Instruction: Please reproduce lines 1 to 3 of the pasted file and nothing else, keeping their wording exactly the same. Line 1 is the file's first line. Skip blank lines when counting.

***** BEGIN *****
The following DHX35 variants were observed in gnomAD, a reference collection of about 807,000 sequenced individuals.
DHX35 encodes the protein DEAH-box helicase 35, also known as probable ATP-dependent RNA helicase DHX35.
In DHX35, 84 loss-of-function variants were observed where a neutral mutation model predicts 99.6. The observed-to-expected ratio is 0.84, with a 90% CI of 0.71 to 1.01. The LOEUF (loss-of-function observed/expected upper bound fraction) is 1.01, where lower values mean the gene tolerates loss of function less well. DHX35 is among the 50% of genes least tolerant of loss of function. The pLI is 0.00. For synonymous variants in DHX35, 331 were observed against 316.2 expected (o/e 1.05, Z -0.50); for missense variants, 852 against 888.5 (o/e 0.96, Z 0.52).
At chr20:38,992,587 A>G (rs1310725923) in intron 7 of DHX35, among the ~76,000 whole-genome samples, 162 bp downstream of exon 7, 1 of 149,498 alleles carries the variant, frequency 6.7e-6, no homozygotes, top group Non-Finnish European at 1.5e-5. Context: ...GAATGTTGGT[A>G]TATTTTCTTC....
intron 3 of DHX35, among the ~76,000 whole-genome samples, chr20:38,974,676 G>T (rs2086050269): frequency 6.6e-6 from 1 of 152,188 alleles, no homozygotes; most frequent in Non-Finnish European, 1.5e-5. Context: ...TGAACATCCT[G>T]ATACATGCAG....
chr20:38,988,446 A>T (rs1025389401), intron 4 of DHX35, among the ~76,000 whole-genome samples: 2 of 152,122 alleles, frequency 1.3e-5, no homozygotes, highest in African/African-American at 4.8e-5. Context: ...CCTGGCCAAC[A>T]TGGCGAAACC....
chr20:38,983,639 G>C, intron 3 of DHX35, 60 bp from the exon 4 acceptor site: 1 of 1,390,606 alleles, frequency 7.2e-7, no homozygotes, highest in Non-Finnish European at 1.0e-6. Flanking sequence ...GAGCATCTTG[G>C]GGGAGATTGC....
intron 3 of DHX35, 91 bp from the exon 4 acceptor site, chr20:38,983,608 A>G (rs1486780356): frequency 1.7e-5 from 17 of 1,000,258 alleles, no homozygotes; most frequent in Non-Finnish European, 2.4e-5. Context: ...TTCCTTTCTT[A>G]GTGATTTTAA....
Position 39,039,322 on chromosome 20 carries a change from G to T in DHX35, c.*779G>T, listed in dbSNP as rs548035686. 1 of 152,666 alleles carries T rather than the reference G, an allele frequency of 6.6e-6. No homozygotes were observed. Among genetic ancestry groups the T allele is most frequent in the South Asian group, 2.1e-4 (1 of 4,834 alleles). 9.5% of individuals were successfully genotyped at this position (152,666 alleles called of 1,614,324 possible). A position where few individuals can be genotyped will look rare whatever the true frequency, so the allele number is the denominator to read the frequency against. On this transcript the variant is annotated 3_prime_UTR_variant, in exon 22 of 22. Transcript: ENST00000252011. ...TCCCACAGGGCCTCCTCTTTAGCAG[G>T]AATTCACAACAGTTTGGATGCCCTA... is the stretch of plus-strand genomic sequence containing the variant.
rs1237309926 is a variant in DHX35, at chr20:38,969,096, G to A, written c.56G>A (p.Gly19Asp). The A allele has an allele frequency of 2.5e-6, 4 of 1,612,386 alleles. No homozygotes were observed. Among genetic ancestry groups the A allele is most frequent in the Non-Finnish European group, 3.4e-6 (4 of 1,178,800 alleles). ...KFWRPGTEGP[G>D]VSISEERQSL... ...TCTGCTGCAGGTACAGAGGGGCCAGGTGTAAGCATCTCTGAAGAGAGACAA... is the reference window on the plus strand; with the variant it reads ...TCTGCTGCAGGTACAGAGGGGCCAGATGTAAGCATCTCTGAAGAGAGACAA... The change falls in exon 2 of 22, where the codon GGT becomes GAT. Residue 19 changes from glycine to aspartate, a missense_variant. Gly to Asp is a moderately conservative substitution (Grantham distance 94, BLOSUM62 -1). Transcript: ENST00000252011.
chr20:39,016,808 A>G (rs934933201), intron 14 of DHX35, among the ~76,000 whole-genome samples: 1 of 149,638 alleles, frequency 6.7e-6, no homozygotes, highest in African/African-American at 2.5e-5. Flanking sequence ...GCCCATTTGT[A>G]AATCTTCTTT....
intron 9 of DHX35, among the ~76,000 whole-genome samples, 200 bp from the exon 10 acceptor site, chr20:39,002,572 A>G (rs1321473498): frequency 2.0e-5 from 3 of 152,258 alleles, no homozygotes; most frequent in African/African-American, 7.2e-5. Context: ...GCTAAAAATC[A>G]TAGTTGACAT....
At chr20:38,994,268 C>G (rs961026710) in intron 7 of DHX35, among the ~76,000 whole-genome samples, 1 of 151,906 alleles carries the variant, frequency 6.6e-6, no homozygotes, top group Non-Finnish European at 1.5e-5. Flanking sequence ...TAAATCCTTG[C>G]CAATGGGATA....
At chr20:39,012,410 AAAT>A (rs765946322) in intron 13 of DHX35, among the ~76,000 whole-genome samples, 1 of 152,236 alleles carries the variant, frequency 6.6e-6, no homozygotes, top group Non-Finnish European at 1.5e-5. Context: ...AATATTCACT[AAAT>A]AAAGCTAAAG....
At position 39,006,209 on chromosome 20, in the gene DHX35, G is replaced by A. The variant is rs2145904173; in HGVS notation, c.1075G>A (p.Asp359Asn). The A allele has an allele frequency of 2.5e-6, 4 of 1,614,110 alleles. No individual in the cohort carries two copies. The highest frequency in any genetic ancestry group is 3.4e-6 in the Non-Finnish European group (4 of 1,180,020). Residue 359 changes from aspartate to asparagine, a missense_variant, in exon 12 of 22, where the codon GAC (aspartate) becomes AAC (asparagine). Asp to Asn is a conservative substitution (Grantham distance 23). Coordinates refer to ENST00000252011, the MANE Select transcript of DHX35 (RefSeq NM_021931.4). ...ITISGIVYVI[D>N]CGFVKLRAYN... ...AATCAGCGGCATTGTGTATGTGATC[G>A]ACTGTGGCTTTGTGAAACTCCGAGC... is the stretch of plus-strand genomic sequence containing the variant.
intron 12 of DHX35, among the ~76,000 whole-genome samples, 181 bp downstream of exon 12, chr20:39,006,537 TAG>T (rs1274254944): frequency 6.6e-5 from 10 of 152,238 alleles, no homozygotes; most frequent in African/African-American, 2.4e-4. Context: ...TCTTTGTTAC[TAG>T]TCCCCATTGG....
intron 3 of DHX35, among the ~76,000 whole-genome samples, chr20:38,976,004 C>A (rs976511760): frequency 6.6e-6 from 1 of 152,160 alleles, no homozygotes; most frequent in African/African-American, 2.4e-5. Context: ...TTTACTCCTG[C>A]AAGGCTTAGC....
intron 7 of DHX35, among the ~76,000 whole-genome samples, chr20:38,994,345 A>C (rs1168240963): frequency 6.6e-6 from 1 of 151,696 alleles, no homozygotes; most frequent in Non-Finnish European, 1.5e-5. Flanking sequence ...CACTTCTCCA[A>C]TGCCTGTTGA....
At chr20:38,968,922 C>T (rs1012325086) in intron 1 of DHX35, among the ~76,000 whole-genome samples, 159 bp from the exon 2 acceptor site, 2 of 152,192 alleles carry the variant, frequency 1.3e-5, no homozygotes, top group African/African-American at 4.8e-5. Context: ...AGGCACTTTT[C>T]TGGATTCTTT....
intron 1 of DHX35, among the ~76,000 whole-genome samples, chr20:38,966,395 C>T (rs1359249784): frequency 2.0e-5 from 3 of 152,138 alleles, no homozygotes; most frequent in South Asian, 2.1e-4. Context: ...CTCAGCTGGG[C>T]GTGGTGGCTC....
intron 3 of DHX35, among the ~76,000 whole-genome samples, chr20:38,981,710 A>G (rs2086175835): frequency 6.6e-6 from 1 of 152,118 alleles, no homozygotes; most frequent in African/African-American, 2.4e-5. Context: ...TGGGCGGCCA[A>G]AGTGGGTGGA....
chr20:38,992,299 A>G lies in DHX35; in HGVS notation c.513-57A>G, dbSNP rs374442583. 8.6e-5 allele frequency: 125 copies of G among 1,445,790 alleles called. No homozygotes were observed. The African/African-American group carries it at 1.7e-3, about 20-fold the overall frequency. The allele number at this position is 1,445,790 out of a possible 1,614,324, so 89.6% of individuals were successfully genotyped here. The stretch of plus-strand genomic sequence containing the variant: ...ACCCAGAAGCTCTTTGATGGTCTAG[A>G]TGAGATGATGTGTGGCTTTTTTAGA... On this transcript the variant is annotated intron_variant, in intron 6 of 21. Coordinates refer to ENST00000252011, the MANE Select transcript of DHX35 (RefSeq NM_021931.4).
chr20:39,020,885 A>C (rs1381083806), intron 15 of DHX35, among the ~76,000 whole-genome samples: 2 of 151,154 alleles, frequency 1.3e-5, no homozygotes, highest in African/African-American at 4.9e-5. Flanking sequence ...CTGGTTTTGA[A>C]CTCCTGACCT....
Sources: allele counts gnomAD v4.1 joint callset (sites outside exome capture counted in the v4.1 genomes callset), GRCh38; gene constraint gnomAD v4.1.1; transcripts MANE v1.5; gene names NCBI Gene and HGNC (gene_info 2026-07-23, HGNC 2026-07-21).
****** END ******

The following DHX35 variants were observed in gnomAD, a reference collection of about 807,000 sequenced individuals.
DHX35 encodes the protein DEAH-box helicase 35, also known as probable ATP-dependent RNA helicase DHX35.
In DHX35, 84 loss-of-function variants were observed where a neutral mutation model predicts 99.6. The observed-to-expected ratio is 0.84, with a 90% CI of 0.71 to 1.01. The LOEUF (loss-of-function observed/expected upper bound fraction) is 1.01, where lower values mean the gene tolerates loss of function less well. DHX35 is among the 50% of genes least tolerant of loss of function. The pLI is 0.00. For synonymous variants in DHX35, 331 were observed against 316.2 expected (o/e 1.05, Z -0.50); for missense variants, 852 against 888.5 (o/e 0.96, Z 0.52).